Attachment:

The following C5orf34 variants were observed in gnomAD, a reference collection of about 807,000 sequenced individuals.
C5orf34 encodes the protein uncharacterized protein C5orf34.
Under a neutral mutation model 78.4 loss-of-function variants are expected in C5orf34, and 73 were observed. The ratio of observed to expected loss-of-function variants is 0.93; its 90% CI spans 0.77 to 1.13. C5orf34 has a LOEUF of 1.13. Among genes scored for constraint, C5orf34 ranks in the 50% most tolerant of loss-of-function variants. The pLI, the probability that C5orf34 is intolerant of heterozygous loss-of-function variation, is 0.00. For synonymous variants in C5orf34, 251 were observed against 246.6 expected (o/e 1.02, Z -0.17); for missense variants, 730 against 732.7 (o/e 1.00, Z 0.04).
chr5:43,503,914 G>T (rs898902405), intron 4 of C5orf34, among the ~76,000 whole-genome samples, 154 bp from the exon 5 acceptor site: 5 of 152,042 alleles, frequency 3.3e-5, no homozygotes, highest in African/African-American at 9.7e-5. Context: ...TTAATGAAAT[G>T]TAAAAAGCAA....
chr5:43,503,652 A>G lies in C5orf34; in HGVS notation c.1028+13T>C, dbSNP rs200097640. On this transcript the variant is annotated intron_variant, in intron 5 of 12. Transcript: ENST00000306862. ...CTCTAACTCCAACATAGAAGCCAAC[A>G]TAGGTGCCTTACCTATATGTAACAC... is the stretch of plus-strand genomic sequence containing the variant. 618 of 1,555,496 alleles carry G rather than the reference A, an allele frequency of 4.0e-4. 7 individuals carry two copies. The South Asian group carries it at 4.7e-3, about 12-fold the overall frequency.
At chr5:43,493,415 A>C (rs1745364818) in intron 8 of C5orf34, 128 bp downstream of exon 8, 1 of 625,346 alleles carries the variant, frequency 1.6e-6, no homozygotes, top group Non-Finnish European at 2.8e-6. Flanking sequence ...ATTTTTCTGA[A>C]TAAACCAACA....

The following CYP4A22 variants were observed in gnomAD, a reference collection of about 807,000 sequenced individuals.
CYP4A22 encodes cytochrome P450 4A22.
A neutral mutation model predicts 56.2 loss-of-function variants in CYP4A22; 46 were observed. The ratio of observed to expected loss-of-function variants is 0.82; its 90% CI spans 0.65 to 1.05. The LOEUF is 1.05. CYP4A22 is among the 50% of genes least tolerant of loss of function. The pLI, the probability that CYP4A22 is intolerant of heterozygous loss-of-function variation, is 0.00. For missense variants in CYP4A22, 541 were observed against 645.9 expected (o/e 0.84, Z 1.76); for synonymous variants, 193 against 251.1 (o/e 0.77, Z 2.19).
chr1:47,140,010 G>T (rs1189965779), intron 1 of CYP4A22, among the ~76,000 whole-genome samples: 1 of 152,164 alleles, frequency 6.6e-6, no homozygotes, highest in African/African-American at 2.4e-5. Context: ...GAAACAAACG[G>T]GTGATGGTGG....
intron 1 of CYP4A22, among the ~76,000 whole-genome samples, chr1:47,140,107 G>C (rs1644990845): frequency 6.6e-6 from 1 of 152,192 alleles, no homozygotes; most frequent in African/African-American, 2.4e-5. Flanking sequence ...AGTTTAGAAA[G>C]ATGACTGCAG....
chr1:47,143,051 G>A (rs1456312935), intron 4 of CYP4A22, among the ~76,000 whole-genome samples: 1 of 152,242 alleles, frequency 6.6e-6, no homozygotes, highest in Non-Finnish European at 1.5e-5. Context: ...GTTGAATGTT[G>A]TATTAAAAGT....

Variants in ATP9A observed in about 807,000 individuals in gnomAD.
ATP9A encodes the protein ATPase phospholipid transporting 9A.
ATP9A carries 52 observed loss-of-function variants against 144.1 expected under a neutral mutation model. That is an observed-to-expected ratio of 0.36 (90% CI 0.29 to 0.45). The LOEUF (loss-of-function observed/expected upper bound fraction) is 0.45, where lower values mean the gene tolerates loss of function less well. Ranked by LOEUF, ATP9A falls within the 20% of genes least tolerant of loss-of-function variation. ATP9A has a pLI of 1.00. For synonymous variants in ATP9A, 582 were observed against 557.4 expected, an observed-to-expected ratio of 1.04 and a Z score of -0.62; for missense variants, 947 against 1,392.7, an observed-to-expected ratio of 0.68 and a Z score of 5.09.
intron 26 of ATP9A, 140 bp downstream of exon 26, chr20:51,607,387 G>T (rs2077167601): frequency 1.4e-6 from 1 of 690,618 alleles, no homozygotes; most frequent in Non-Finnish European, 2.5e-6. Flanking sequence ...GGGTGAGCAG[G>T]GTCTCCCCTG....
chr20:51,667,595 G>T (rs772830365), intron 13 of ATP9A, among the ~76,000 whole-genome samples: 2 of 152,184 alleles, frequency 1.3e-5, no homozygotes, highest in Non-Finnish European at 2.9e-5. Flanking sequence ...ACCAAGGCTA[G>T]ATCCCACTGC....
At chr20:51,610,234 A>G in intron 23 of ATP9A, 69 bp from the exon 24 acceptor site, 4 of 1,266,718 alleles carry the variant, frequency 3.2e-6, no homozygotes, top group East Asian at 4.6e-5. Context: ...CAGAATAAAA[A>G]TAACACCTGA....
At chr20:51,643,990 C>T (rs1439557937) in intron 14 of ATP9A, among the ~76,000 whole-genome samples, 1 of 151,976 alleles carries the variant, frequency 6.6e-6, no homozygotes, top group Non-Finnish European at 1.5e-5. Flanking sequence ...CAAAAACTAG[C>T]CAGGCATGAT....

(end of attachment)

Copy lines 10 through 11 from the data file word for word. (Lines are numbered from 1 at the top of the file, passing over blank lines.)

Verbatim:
chr1:47,140,010 G>T (rs1189965779), intron 1 of CYP4A22, among the ~76,000 whole-genome samples: 1 of 152,164 alleles, frequency 6.6e-6, no homozygotes, highest in African/African-American at 2.4e-5. Context: ...GAAACAAACG[G>T]GTGATGGTGG....
intron 1 of CYP4A22, among the ~76,000 whole-genome samples, chr1:47,140,107 G>C (rs1644990845): frequency 6.6e-6 from 1 of 152,192 alleles, no homozygotes; most frequent in African/African-American, 2.4e-5. Flanking sequence ...AGTTTAGAAA[G>C]ATGACTGCAG....